Today my 36-year-old nephew marries his longtime girlfriend at his family’s ranch in Merced, California, turning a date which for 34 years has been saturated in sadness and loss into one of celebration and welcome. Quite unknowingly, he and his fiancé selected the anniversary of his paternal aunt’s – his father and my sister’s – untimely death for their nuptials. My family couldn’t be more grateful and glad. Finally, a happy ending to a dreadful commemoration.
In the last decade, I admit that the date often comes and goes without me paying heed to its significance. How long can one actively grieve, after all? I was 24-, my sister Lorraine 20-years old, when she died. Given our age difference and the fact that I left home at 17 and was largely out of contact with her until I moved back home at 22, my conscious experience of her as an individual is constrained to perhaps 15 or 16 years of episodic memories. And that becomes an increasingly smaller ratio of my life as each year passes. One of the tragedies inherent in dying young is that one’s persona is forever frozen, never accruing the experiential strata that deepen and flavor a personality and connect us to other people. So, Lorraine fades as time accrues, as she is unable to maintain meaningful bridges into the lives of those of us who remain. No one can ever dissect, commiserate or appreciate her college years, her serious romantic relationships, her career successes and failures, her children’s unique characters and miens, her pursued interests, abandoned dreams, lost causes, or significant personal triumphs. They were all killed in that head-on collision on a dark canyon road in 1985. (I used to picture her suddenly liberated soul floating about the location, untethered, for months after the accident. Did she know that she was dead? Is there a legitimate case to be made for “knowing” you are dead? I don’t wonder about that anymore. It’s been way too long for her still to be lost, if she ever was indeed.)
My grandmother, Lorraine’s namesake, will turn 98 in less than a month. For the past couple years, because she is open regarding her readiness to die, I do not think of her eventual passing as “tragic” or heartbreaking. My memories of her are rich and robust: I distinctly remember many of her milestone birthdays – 50, 65 (she retired), 75, 90. I don’t think it improbable that she will see 100. Yet, she, too, is fading as time inexorably flows. Her ability to span the divide between herself and her family (all her friends have died) is almost completely constrained. Leaving the house solely for medical appointments, she spends all day in her pajamas and bathrobe, reading in her favorite chair. She will not attend her great-grandson’s wedding and feels no guilt nor regret for not doing more. At this point in her life, experience is passively attenuated, never actively curated. And because of this she is becoming increasingly immobile, frozen in time. The less present she is for each progressing moment, the less we will feel her absence when it becomes irrevocable.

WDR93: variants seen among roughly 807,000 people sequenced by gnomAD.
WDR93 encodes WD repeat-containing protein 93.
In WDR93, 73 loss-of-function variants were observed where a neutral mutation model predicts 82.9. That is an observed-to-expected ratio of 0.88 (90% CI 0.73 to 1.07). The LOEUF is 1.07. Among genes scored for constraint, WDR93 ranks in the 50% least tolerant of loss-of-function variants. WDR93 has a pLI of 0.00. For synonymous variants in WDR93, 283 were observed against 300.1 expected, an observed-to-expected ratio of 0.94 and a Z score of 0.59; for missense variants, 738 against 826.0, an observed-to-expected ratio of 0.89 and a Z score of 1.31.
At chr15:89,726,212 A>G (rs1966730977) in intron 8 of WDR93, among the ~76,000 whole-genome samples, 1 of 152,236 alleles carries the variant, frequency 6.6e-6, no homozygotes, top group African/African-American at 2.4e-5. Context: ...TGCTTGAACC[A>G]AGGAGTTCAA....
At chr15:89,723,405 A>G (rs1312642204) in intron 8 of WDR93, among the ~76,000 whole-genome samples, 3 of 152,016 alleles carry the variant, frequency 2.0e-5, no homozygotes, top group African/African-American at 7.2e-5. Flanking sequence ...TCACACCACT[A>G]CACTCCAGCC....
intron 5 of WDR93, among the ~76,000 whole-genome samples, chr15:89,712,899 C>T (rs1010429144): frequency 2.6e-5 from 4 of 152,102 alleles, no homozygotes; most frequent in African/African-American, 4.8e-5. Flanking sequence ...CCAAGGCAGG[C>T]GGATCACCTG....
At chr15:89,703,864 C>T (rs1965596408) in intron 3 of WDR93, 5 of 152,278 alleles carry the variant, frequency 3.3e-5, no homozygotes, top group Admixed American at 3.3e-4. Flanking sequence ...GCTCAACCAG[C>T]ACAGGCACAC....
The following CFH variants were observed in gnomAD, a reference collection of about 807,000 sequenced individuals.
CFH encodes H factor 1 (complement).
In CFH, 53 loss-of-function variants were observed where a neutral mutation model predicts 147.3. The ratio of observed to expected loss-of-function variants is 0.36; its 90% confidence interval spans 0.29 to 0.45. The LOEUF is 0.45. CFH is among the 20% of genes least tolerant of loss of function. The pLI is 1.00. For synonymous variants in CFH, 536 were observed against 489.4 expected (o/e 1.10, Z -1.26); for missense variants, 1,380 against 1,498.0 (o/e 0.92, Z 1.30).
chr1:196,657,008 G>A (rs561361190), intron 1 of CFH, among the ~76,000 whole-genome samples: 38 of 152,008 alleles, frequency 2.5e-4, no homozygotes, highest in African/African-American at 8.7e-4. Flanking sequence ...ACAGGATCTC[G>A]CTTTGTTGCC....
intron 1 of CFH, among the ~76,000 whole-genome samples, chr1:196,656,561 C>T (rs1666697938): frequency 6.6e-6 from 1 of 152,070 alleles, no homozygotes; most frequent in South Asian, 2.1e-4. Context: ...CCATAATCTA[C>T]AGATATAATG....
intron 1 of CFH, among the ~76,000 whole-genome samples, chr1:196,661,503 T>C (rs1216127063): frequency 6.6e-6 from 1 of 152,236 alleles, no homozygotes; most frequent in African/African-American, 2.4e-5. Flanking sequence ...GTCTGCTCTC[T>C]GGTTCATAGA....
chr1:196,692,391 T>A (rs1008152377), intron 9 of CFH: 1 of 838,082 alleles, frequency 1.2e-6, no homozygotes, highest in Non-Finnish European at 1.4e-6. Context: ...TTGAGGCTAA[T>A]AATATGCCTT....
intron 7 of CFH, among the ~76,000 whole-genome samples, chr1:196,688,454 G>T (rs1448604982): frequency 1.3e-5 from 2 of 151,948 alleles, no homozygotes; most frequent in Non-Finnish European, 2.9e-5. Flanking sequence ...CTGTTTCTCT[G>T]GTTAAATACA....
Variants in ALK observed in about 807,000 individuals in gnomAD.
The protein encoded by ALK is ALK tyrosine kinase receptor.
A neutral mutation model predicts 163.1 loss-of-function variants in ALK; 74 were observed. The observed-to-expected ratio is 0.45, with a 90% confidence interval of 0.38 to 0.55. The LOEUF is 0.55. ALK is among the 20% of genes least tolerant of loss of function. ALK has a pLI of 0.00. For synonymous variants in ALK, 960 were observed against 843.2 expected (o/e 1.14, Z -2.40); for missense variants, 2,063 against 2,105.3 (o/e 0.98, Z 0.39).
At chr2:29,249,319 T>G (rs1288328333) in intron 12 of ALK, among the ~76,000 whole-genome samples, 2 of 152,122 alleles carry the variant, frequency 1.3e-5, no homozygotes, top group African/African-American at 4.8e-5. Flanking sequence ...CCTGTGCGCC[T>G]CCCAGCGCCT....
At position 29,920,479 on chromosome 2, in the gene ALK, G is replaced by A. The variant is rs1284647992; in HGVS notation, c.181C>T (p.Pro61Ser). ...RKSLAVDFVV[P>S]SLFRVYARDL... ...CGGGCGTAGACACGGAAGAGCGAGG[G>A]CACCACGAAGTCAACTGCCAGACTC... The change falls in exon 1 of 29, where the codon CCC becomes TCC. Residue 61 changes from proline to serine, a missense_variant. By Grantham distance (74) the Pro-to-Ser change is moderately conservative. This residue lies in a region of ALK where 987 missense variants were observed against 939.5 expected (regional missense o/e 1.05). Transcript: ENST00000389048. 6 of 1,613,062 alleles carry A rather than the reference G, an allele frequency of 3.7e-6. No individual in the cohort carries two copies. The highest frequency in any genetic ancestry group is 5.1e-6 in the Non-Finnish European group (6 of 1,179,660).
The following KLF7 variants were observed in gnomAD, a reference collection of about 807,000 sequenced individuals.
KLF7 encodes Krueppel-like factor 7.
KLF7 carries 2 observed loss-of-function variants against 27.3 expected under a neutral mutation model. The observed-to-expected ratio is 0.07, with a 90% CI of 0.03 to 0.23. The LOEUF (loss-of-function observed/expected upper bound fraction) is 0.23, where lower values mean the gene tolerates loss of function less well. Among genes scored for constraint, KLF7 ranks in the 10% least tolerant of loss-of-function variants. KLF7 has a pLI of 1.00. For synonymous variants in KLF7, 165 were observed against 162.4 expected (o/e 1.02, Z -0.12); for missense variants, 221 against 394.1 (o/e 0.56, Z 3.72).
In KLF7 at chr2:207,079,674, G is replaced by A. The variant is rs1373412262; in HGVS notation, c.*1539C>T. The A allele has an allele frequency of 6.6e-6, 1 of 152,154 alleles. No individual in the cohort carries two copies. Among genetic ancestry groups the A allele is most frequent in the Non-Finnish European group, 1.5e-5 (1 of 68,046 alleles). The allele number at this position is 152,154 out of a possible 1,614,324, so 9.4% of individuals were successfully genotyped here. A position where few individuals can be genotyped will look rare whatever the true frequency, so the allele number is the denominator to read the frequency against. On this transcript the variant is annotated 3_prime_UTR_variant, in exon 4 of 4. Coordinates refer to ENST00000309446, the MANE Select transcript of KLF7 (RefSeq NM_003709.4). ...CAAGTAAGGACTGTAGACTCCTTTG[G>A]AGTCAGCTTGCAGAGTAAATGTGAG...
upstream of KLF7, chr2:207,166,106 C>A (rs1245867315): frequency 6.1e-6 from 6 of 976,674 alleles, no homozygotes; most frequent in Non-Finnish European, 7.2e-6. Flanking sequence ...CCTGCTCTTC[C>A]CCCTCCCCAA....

In the end, what do we have of anyone in our lives but our memories of them? Each passing minute, most of them not continuously spent in their presence, describes a growing gulf between us and them. For some, that gulf is only days, perhaps months, wide and is easily surmounted the next time we see them. For others, the gap can lengthen into lives diverged, an unspecified point passed which, unknowingly, marked the limit of our mutual ability to recognize and commune with each other. There are people whose presence I believed essential to my daily existence once upon a time (my ex-husband springs to mind or my very best friend from high school) who could be dead now and it would not affect me in the slightest.
I often ponder how I will be a name that might surface (or not) at Thanksgiving dinner in the year 2095, an atavistic tale told by my now two-year-old grandsons to their probably bored great-grand kids under unimaginable (for me) circumstances. We are all destined to fade away and in the grand scheme of things a life of 20 or 98 years is of equal, unimportant length to those who hold no memories of us. Meanwhile, I am glad to welcome another iteration of family to the layers that lie beneath.